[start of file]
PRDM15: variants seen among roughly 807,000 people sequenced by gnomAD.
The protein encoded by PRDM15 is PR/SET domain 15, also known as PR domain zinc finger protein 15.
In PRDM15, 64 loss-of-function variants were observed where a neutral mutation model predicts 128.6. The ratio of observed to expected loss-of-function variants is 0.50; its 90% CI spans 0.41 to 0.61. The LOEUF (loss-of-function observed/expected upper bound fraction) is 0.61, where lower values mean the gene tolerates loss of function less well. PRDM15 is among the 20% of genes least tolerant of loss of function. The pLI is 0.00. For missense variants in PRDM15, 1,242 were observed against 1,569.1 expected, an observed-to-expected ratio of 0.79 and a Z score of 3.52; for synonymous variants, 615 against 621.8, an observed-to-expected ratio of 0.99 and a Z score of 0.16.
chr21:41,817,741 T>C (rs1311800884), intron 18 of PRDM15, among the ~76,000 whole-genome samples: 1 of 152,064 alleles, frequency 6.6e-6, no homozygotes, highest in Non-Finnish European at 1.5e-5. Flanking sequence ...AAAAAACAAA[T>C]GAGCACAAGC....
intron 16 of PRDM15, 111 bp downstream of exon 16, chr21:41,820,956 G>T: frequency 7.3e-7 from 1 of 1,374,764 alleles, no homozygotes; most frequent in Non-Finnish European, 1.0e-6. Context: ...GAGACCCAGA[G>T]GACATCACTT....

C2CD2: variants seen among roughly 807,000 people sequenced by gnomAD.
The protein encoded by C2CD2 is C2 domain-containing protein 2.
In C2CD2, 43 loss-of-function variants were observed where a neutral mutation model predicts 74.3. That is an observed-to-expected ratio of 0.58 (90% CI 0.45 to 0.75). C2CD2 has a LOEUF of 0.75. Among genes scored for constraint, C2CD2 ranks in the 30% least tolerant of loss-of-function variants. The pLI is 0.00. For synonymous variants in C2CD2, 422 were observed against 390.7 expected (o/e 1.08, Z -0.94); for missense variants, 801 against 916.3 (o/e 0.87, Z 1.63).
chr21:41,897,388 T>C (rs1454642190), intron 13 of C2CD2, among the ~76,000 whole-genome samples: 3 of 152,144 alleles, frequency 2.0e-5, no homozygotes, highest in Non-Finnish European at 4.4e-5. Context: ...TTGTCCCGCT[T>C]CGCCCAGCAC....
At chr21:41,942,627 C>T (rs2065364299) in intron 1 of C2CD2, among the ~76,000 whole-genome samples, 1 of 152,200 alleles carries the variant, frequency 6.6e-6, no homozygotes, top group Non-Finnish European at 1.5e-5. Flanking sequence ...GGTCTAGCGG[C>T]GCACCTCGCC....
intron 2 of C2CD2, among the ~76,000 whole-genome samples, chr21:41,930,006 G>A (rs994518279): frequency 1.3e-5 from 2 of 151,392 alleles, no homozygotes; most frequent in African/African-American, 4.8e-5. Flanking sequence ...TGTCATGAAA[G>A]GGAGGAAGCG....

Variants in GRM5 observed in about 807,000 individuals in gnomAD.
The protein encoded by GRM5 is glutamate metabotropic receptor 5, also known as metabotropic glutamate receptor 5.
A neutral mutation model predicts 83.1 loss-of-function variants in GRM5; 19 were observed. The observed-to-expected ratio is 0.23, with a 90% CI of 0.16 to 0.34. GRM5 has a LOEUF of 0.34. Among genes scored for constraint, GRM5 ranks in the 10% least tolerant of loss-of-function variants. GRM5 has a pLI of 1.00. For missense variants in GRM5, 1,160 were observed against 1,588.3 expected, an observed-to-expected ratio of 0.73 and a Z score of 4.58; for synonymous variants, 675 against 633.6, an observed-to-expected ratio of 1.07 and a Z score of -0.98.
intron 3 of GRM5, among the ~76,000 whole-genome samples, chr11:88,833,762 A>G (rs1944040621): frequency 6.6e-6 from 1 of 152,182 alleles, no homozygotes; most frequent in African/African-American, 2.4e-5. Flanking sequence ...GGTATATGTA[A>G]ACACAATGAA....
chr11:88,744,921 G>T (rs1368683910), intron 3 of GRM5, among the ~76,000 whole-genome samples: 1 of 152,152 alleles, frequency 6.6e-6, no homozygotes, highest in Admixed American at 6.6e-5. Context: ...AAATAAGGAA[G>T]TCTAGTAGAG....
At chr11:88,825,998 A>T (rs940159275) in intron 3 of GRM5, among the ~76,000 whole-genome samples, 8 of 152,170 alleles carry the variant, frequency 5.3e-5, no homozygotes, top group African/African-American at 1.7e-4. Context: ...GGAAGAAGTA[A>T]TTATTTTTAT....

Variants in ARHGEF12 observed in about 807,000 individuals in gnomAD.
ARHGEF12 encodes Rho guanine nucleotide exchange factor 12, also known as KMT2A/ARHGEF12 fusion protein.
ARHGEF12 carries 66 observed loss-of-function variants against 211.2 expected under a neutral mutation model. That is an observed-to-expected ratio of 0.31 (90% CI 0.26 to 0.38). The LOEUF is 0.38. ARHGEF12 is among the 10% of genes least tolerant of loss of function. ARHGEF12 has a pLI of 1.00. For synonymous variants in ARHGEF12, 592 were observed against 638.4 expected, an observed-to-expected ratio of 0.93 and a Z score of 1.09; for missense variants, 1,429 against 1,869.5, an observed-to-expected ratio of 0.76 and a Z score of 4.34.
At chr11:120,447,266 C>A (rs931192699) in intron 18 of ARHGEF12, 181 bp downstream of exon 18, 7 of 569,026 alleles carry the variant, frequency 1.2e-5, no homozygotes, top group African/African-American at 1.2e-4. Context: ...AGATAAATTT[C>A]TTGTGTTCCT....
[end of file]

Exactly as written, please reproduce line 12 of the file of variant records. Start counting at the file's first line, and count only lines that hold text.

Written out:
Variants in GRM5 observed in about 807,000 individuals in gnomAD.